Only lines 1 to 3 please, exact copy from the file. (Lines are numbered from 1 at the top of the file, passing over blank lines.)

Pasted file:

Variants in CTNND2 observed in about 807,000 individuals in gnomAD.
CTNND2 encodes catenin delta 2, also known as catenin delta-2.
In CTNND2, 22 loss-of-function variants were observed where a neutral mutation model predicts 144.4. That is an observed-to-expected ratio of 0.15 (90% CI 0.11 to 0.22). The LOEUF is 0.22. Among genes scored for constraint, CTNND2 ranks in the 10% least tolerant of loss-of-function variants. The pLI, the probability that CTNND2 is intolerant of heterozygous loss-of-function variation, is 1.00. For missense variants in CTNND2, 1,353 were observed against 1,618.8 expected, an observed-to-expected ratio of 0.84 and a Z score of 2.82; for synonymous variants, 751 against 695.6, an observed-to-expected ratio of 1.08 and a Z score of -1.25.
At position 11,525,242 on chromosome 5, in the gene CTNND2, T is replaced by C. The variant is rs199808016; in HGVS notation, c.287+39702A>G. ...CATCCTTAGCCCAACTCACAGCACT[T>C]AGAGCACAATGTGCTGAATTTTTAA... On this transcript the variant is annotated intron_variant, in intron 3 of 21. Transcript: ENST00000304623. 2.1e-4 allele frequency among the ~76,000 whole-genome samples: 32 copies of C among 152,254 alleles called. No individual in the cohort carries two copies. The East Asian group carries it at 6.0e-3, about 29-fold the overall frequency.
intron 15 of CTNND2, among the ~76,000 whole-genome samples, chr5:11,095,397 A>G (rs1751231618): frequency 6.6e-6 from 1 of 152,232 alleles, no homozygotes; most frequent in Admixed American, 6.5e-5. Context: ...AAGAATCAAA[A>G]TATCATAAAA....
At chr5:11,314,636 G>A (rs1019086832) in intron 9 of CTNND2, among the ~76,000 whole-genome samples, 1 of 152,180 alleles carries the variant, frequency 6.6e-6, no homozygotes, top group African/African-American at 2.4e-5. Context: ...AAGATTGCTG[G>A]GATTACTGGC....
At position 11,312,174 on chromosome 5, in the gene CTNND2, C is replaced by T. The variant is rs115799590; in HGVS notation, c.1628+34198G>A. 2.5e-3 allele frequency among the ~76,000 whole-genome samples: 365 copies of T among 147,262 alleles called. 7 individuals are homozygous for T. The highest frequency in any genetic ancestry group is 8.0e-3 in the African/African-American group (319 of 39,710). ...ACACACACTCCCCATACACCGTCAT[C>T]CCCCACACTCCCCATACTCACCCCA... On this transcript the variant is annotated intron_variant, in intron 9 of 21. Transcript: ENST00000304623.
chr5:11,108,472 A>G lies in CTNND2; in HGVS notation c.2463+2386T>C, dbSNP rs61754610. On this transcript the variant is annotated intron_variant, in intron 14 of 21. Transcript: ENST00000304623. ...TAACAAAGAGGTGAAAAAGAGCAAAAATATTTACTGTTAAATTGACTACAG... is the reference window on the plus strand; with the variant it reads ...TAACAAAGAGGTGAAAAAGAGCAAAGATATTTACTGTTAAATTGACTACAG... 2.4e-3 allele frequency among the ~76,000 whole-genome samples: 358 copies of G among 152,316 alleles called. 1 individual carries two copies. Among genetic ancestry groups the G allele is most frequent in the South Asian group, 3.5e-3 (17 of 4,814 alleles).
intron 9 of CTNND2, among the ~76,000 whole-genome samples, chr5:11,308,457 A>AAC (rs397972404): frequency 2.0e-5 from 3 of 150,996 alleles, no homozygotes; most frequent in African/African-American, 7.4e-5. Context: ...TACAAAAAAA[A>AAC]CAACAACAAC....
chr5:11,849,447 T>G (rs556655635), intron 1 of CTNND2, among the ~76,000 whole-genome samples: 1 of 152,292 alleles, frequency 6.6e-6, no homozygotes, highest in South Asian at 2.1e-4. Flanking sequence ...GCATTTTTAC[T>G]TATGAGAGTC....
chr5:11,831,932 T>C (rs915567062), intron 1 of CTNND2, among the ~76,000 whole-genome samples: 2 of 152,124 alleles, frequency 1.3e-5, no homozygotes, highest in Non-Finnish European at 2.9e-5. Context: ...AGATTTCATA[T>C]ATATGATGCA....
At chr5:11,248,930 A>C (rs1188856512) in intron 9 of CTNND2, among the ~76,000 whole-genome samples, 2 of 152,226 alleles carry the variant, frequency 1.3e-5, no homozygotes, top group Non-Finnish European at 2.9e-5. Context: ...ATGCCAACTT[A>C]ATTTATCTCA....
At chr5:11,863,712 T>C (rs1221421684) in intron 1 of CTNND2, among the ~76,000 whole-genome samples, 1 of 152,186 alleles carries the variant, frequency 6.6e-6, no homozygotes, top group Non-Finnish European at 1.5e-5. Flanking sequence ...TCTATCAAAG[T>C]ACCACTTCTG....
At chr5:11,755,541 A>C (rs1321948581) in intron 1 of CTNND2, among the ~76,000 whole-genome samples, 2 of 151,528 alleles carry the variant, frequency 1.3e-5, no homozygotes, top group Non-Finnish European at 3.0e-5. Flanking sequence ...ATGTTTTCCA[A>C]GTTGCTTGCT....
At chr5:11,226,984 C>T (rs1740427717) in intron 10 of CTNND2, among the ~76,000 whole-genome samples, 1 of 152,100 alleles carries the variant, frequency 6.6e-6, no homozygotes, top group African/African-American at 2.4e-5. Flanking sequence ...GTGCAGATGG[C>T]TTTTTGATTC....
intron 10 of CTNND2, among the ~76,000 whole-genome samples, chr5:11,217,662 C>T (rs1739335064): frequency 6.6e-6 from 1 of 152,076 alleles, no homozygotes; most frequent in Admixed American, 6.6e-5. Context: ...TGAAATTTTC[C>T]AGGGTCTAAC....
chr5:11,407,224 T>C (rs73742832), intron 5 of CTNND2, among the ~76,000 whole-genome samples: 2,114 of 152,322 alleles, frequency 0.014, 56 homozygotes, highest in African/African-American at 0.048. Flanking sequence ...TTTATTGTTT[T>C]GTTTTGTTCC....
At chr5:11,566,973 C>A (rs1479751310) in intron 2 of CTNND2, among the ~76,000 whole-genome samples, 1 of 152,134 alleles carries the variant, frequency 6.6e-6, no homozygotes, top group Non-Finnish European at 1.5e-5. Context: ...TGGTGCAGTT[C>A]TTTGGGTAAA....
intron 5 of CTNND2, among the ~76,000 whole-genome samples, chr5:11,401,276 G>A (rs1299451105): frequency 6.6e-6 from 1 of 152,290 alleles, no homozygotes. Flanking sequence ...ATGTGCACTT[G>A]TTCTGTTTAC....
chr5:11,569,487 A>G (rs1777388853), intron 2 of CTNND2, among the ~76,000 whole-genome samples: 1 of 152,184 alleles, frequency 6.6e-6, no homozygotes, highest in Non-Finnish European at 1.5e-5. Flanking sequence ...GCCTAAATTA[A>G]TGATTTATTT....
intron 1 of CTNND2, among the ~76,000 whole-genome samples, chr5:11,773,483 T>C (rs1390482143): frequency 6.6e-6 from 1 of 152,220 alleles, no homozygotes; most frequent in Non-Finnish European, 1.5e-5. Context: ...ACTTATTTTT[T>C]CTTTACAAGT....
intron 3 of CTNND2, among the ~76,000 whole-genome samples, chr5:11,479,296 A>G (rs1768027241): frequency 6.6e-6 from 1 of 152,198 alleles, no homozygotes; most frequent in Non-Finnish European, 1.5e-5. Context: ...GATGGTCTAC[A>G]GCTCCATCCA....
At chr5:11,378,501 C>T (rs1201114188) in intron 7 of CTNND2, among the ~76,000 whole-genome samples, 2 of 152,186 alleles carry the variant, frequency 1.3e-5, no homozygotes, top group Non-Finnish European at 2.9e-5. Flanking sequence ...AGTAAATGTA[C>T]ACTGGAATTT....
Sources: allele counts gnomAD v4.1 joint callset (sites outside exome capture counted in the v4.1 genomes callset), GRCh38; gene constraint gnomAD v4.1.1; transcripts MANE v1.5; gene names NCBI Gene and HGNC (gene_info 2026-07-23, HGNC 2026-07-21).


Variants in CTNND2 observed in about 807,000 individuals in gnomAD.
CTNND2 encodes catenin delta 2, also known as catenin delta-2.
In CTNND2, 22 loss-of-function variants were observed where a neutral mutation model predicts 144.4. That is an observed-to-expected ratio of 0.15 (90% CI 0.11 to 0.22). The LOEUF is 0.22. Among genes scored for constraint, CTNND2 ranks in the 10% least tolerant of loss-of-function variants. The pLI, the probability that CTNND2 is intolerant of heterozygous loss-of-function variation, is 1.00. For missense variants in CTNND2, 1,353 were observed against 1,618.8 expected, an observed-to-expected ratio of 0.84 and a Z score of 2.82; for synonymous variants, 751 against 695.6, an observed-to-expected ratio of 1.08 and a Z score of -1.25.